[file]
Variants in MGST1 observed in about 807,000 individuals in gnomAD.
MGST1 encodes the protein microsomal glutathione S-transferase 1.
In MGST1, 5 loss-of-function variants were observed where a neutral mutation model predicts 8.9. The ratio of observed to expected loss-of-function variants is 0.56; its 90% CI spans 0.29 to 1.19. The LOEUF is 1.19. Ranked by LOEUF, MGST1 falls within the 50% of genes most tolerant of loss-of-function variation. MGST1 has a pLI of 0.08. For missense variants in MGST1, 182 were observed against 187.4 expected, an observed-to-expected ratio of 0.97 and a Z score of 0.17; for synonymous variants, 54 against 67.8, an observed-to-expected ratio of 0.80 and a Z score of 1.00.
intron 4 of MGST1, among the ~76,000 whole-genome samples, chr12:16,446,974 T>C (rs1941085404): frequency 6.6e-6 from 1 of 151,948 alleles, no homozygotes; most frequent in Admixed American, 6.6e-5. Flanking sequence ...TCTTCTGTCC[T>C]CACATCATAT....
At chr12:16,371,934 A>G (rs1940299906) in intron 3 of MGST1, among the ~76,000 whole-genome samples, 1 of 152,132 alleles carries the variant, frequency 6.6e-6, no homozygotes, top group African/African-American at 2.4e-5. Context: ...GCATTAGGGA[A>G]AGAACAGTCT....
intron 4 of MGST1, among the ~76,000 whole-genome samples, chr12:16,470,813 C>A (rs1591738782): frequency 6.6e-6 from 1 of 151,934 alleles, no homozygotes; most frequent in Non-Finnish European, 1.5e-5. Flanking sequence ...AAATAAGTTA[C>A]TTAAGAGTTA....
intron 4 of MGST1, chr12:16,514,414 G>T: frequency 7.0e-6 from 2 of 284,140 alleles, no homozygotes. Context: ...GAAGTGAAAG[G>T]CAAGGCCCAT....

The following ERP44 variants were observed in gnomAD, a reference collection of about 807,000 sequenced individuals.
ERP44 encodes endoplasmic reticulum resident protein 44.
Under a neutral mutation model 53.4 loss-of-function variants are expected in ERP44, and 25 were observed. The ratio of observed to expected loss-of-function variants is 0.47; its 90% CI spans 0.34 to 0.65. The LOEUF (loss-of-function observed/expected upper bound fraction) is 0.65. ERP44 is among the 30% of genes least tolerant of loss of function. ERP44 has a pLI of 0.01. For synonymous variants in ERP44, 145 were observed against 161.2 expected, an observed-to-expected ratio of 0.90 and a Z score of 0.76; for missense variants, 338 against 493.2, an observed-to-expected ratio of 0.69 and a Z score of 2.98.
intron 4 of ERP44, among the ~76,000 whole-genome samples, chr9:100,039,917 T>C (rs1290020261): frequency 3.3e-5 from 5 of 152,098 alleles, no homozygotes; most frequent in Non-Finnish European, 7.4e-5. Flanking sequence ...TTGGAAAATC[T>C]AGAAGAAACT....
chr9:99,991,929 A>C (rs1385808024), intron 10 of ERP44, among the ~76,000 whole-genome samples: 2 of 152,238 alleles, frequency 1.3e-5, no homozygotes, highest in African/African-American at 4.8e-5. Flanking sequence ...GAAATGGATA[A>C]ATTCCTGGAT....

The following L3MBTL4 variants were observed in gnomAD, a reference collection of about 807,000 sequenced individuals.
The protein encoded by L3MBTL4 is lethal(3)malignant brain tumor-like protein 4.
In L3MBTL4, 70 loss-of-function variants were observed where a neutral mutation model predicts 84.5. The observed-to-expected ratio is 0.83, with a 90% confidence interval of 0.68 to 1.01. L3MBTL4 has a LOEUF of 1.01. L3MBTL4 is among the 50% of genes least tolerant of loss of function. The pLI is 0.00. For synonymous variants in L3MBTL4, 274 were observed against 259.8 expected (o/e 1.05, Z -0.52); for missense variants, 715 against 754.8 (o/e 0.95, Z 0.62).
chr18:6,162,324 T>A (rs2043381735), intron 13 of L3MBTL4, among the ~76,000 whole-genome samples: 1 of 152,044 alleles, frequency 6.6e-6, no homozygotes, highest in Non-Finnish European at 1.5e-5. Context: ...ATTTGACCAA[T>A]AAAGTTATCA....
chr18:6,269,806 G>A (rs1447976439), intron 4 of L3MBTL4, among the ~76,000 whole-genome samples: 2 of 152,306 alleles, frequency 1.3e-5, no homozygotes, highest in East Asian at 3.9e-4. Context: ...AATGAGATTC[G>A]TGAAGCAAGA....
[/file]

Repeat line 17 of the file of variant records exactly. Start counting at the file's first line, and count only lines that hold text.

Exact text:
chr18:6,269,806 G>A (rs1447976439), intron 4 of L3MBTL4, among the ~76,000 whole-genome samples: 2 of 152,306 alleles, frequency 1.3e-5, no homozygotes, highest in East Asian at 3.9e-4. Context: ...AATGAGATTC[G>A]TGAAGCAAGA....